ISS’ rationale for more emergency phones not sufficient or justified

As long as adequate research has been conducted to support your initiative, throwing money around isn’t necessarily a bad thing. However, we have to draw a line when Illinois Student Senate addresses the issue of using student fees without much, if any, effort to justify such action. Such is the case with ISS’ proposal to spend students’ money to expand and update the campus security phone network.

As reported in The Daily Illini last week, ISS is concerned with the safety of students and the observably obsolete nature of the emergency phone system. We agree with ISS that there may be issues with the phone system, but it needs to offer more than blunt assessments to make its case. When is the last time you even used an emergency phone?

In this case, before spending students’ money, first the ISS needs to show us why it cannot lobby a relevant department, such as the Division of Public Safety, for such dire repairs. Then, it needs to sell us on fixing these phones.

The campus emergency phone network consists of phones in all campus buildings, parking structures and many bus shelters. There are also a significant amount located in outdoor locations around campus. The intent is that someone in an emergency situation could use one of the phones to seek help. The effectiveness of these phones is anyone’s guess. Arguably, many have been preempted by the fact that most people on campus have cell phones. Furthermore, we are not aware of any programs by the University familiarizing students with the phones’ locations, uses or purposes.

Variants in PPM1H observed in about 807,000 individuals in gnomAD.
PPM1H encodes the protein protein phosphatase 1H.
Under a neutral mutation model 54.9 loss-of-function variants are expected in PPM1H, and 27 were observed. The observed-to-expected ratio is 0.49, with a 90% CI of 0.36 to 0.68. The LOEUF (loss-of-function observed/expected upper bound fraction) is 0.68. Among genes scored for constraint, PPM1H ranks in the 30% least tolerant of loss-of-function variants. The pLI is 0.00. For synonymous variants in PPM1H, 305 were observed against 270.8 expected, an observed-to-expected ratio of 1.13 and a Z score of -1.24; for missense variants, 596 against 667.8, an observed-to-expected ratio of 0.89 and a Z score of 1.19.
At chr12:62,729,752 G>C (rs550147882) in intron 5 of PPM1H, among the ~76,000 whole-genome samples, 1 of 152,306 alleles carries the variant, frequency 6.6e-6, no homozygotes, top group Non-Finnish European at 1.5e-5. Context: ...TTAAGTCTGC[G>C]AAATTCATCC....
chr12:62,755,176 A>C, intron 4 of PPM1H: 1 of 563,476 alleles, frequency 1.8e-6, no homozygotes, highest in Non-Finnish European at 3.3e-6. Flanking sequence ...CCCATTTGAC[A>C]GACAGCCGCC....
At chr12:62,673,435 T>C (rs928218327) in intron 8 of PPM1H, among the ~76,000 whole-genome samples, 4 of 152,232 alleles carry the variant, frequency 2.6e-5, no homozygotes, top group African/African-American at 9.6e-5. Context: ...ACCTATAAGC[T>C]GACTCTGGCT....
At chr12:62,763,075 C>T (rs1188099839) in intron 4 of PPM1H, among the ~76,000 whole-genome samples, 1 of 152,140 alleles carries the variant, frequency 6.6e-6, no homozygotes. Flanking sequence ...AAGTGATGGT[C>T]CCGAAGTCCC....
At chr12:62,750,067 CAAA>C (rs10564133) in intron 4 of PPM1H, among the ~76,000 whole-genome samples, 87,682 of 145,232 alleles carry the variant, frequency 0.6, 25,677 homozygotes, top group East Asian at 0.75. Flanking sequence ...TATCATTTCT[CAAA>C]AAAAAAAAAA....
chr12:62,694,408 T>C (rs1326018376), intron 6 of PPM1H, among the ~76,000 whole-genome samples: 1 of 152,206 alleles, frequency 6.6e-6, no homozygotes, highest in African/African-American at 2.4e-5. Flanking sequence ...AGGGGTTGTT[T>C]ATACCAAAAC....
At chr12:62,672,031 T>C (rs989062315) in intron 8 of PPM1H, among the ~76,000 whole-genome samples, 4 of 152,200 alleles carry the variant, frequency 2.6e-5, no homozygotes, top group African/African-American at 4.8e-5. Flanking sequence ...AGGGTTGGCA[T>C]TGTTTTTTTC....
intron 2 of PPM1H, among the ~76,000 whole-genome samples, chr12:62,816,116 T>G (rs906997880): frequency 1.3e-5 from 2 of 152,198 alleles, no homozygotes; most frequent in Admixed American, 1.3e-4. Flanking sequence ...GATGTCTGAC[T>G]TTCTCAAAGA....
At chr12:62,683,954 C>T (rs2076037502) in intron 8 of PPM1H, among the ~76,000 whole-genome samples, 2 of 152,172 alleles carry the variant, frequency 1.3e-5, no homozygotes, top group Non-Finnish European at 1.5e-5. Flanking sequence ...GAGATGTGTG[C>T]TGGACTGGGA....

Now, we concede that ISS’ concerns may be completely valid, but if so, it needs to convey why this matter falls in their purview. Campus safety is generally a matter handled by the Division of Public Safety and efforts by the several police departments that cover portions of campus. Is the University Police Department’s security camera plan not sufficient? If ISS is so concerned with the condition of phones, why not throw its weight behind an effort to lobby the Division of Public Safety to fix the phones?

Even if ISS was to reach a point at which it alone would be responsible for any action taken, the senate needs to justify its actions. We are particularly troubled by the causal assertion made by ISS about the use of emergency phones in relation to the dip in crime on campus from 2009-11. First, the phones’ existence coinciding with a dip in crime does not mean they are related. Using the same logic, the mere existence of squirrels on campus coinciding with the dip in temperatures on campus this summer clearly means the squirrels caused the cooldown.

Second, if ISS wants to demonstrate why we need these phones, it needs to provide statistics on the phones’ uses and what, if any, effect they actually have on crime. Just the aesthetic of emergency phones on campus may make people feel better, but they are pretty mediocre security blankets and an overall waste of money if they do no more than provide peace of mind. For all we know, the reduction in crime could just be due to better coordination among the three police departments on and around campus. It could be a reflection of the nationwide drop in crime over the past decades, the true source of which is anyone’s guess.

Ultimately, we just don’t know. As such, if ISS wants to spend our money on new and improved phones, we need to know why it will enhance our safety and rationalize the cost before it considers taking action.

Editor’s note: A previous version of this article incorrectly stated that Illinois Student Senate proposed using its student fee allowance to fund emergency phones. The article should have stated that Illinois Student Senate addressed the issue of student fees funding emergency phones. The Daily Illini regrets the error.